'The Dark Tower'
Another summer, another batch of popular pre-existing fantasy franchises turned into blockbuster hopefuls. It’s so common now that it’s rarely exciting. There was a time when transforming Stephen King’s cultish epic ‘The Dark Tower’ into a film franchise would have felt like a film nerd’s wet dream. Now, its just business as usual. As developed by Ron Howard, this blockbuster edition of ‘The Dark Tower’ is predictably bland and functional. It’s fine, but it could and should have been more.
Our protagonist is a young boy named Jake Chambers (Tom Taylor). He’s got a psychic gift or “shine” (hey, Stephen King wrote this!) that manifests in strange visions of a gunslinger and a demonic man in black. It doesn’t take long to become clear that Jake’s dreams are real. A Gunslinger (Idris Elba) is destined to battle the evil Man in Black (Matthew McConaughey) to destroy a Dark Tower that holds the universe together. The Man in Black also kidnaps psychic kiddies as part of his plot to take over the universe and Jake is a particularly powerful one, so he’s got him in his sights. Fortunately, Jake’s psychic gifts lead him to a portal in New York that takes him to a realm where the Gunsligner wanders and mopes. The kid needs to convince the Gunslinger to save the world, and if you know how movies work, you can probably guess how that will turn out.
There’s been quite a bit of salty internet commentary about the troubles with the production of ‘The Dark Tower’ that led to it getting chopped down to a trim 85 minutes from a far longer and more ambitious running time. I haven’t read the King novel, so I can’t comment on whether or not the mythology has been tampered with. I can say that the whole film feels rushed. While it’s kind of exciting that a big summer tentpole is under 90 minutes long (that should be more common), ‘The Dark Tower’ feels like it’s racing between events and set-pieces with no time to breathe. There’s little chance to get a sense of this universe and how it operates, just an endless stream of exposition and action that flies by so quickly you can’t quite describe the mythology when it’s over. On the plus side, the flick is rarely boring. On the downside, it’s hard to care much about what’s happening when there’s little time to develop empathy for the characters or worry how their adventure will turn out.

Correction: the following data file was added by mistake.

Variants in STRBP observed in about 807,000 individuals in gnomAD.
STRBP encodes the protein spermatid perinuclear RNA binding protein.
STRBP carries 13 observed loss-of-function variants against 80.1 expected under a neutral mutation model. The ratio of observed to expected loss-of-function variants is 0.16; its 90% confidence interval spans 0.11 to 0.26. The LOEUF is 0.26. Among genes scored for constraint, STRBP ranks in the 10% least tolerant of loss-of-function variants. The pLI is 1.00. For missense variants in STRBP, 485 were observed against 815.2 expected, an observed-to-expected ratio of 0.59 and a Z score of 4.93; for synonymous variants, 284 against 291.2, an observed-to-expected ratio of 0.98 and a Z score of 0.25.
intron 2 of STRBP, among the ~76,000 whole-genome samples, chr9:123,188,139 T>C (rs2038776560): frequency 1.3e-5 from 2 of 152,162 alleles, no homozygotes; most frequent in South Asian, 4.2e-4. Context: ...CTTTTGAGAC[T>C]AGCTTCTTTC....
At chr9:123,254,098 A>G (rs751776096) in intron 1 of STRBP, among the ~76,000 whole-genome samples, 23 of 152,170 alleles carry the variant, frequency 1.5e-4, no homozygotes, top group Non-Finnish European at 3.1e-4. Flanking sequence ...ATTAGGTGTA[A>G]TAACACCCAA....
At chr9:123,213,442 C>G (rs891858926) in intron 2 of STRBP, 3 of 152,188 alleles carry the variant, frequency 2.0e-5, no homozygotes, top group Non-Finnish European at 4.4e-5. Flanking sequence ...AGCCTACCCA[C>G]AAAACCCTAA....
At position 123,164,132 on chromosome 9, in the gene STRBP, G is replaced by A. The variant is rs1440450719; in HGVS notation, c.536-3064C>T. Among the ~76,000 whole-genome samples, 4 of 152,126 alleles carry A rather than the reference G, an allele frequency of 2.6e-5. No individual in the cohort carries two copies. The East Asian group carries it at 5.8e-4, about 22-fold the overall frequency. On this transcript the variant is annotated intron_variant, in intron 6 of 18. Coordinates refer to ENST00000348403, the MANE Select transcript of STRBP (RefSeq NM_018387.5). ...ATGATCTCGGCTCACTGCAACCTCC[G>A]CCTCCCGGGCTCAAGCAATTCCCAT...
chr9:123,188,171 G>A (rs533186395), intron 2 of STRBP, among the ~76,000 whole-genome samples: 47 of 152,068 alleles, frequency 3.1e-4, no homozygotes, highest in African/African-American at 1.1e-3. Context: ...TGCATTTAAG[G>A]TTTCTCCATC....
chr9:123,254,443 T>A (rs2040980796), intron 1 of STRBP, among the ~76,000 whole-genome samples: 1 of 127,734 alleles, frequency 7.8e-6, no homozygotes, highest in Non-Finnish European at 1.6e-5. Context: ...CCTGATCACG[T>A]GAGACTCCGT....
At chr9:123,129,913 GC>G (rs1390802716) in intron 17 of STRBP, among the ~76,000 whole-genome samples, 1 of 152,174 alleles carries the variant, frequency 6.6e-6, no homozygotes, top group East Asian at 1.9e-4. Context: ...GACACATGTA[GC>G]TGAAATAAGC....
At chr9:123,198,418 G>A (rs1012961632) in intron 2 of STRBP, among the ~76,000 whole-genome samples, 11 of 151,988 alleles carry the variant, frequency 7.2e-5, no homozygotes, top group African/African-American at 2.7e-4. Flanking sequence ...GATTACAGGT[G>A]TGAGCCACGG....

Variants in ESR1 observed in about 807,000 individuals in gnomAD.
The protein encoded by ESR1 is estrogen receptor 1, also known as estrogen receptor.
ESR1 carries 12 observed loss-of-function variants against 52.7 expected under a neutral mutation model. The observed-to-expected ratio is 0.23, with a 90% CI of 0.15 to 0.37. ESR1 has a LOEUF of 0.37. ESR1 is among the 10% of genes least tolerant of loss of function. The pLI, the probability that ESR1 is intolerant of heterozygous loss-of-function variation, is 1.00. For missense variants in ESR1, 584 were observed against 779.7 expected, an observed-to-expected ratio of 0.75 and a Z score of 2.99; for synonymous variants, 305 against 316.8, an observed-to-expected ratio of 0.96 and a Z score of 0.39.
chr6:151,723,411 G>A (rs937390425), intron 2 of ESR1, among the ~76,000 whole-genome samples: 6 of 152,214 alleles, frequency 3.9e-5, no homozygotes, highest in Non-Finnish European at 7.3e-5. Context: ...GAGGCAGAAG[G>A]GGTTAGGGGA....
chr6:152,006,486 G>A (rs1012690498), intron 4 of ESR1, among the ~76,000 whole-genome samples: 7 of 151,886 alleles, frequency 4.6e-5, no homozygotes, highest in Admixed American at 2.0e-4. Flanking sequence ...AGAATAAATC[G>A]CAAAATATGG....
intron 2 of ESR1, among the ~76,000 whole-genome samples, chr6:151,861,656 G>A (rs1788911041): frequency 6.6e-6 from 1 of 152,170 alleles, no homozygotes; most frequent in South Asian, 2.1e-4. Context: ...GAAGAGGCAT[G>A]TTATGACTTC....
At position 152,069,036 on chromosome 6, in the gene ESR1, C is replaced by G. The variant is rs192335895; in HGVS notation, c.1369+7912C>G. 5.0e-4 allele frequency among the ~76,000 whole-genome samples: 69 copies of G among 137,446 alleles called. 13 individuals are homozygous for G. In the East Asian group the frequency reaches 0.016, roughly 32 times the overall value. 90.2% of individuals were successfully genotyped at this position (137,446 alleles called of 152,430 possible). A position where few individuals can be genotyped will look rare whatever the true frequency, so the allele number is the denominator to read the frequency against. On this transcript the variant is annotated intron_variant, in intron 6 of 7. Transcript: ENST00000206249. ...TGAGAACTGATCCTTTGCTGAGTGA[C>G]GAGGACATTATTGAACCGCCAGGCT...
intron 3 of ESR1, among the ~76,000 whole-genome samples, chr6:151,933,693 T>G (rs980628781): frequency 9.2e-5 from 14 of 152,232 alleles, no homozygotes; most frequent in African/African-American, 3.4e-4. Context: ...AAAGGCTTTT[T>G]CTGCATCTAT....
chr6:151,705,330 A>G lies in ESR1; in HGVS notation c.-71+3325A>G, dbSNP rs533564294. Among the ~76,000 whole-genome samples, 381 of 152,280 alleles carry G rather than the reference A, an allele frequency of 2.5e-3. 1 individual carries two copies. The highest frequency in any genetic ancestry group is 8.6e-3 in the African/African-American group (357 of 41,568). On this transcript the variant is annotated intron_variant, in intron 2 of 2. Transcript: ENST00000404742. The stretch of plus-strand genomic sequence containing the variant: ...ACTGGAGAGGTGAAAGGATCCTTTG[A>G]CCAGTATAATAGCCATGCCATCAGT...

In the midst of the rush, Idris Elba at least cuts an imposing figure as the Gunslinger. His eyes hide pain and sorrow we’ll never know. His presence feels imposing from the first second he appears and somehow, through sheer will and acting prowess, he makes bullet-bending silliness seem plausible. He’s a fantastic wandering warrior and the one character not betrayed by the film’s frantic screenplay.
McConaughey is equally entertaining as the Man in Black, clearly having a ball delivering cartoony demonic villainy, even if he has no personality or presence beyond playful deadpan evil. No one else really registers, and if the marketing machine for ‘The Dark Tower’ has made anything clear, the studio mandate was to stick to the stars. Everyone else is on screen just long enough to serve a narrative purpose and little else. Sadly, that’s even true of Tom Taylor’s theoretical hero. Other than the fact that he has a “shine” and is the key to something big, we essentially learn nothing about the kid. He just bobbles around connecting scenes without much growth or nuance.
It’s clear that there’s some deep, dark and intriguing mythology at play in ‘The Dark Tower’, but sadly we see little of it. For the most part, it’s just action beats, basic good vs. evil moralizing, and just enough exposition to get by. The production design is borrowed from other, better movies with most of the personality removed. The story clings to beats we’ve seen before (a little ‘Matrix’ here, a little Spaghetti Western there, etc.). Even the action is rather bland. Director Nikolaj Arcel (‘A Royal Affair’) shoots it in a typical underexposed grimdark manner. The movie has a couple of fantastic action beats near the end (especially the climactic moment), but by then they’re mostly noticeable because they represent brief moments of surprise in a movie dominated by routine. Even the occasional stabs at humor mostly remind you that Akiva Goldsmith wrote ‘Batman & Robin’, getting mild smirks and eye-rolls rather than laughs.
‘The Dark Tower’ is mostly a rather blasé experience. It’s not terrible. It has a variety of highlights and the whole thing races by too quickly to ever be a slog. It’s the sort of thing that will fit in well to a TBS lineup of movies that you kind of remember and are willing to sit through for a few commercial breaks on a sick day. However, it could have been more. This series is beloved and Sony clearly wants it to be a franchise. That likely won’t happen. The movie is merely passable entertainment and the box office will likely be acceptably mediocre. The world will shrug and say, “Eh, that was OK” and move on.